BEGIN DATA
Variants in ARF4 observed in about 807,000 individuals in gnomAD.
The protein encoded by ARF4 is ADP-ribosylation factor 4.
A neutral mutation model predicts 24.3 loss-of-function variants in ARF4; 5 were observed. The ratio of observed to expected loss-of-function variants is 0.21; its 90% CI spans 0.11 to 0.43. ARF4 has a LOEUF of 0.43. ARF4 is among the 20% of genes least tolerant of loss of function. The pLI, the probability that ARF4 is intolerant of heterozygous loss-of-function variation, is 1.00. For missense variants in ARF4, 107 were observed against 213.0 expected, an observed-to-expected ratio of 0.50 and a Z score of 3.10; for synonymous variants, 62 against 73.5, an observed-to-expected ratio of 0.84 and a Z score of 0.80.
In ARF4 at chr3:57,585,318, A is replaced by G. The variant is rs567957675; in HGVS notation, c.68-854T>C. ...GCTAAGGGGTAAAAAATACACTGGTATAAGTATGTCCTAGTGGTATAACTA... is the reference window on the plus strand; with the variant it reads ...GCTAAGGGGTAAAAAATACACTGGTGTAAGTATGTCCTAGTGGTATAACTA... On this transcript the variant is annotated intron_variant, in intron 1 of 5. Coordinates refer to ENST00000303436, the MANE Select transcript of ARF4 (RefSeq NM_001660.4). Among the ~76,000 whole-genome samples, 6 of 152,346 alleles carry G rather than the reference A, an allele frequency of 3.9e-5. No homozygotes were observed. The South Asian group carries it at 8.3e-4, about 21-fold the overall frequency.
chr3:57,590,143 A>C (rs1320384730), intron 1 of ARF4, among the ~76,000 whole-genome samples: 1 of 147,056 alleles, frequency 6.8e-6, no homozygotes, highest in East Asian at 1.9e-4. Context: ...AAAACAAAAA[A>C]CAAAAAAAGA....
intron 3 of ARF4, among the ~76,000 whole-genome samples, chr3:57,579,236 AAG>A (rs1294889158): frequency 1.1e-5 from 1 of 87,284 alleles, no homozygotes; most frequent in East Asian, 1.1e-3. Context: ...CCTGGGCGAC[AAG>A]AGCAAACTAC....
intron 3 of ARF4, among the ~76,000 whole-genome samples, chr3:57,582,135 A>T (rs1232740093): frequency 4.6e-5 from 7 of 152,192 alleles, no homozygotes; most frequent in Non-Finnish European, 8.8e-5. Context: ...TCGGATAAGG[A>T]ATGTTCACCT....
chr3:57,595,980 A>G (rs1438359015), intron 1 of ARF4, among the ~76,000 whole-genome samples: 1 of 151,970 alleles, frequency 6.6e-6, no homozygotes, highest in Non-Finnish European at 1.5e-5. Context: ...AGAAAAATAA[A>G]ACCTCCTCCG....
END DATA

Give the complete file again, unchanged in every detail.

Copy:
Variants in ARF4 observed in about 807,000 individuals in gnomAD.
The protein encoded by ARF4 is ADP-ribosylation factor 4.
A neutral mutation model predicts 24.3 loss-of-function variants in ARF4; 5 were observed. The ratio of observed to expected loss-of-function variants is 0.21; its 90% CI spans 0.11 to 0.43. ARF4 has a LOEUF of 0.43. ARF4 is among the 20% of genes least tolerant of loss of function. The pLI, the probability that ARF4 is intolerant of heterozygous loss-of-function variation, is 1.00. For missense variants in ARF4, 107 were observed against 213.0 expected, an observed-to-expected ratio of 0.50 and a Z score of 3.10; for synonymous variants, 62 against 73.5, an observed-to-expected ratio of 0.84 and a Z score of 0.80.
In ARF4 at chr3:57,585,318, A is replaced by G. The variant is rs567957675; in HGVS notation, c.68-854T>C. ...GCTAAGGGGTAAAAAATACACTGGTATAAGTATGTCCTAGTGGTATAACTA... is the reference window on the plus strand; with the variant it reads ...GCTAAGGGGTAAAAAATACACTGGTGTAAGTATGTCCTAGTGGTATAACTA... On this transcript the variant is annotated intron_variant, in intron 1 of 5. Coordinates refer to ENST00000303436, the MANE Select transcript of ARF4 (RefSeq NM_001660.4). Among the ~76,000 whole-genome samples, 6 of 152,346 alleles carry G rather than the reference A, an allele frequency of 3.9e-5. No homozygotes were observed. The South Asian group carries it at 8.3e-4, about 21-fold the overall frequency.
chr3:57,590,143 A>C (rs1320384730), intron 1 of ARF4, among the ~76,000 whole-genome samples: 1 of 147,056 alleles, frequency 6.8e-6, no homozygotes, highest in East Asian at 1.9e-4. Context: ...AAAACAAAAA[A>C]CAAAAAAAGA....
intron 3 of ARF4, among the ~76,000 whole-genome samples, chr3:57,579,236 AAG>A (rs1294889158): frequency 1.1e-5 from 1 of 87,284 alleles, no homozygotes; most frequent in East Asian, 1.1e-3. Context: ...CCTGGGCGAC[AAG>A]AGCAAACTAC....
intron 3 of ARF4, among the ~76,000 whole-genome samples, chr3:57,582,135 A>T (rs1232740093): frequency 4.6e-5 from 7 of 152,192 alleles, no homozygotes; most frequent in Non-Finnish European, 8.8e-5. Context: ...TCGGATAAGG[A>T]ATGTTCACCT....
chr3:57,595,980 A>G (rs1438359015), intron 1 of ARF4, among the ~76,000 whole-genome samples: 1 of 151,970 alleles, frequency 6.6e-6, no homozygotes, highest in Non-Finnish European at 1.5e-5. Context: ...AGAAAAATAA[A>G]ACCTCCTCCG....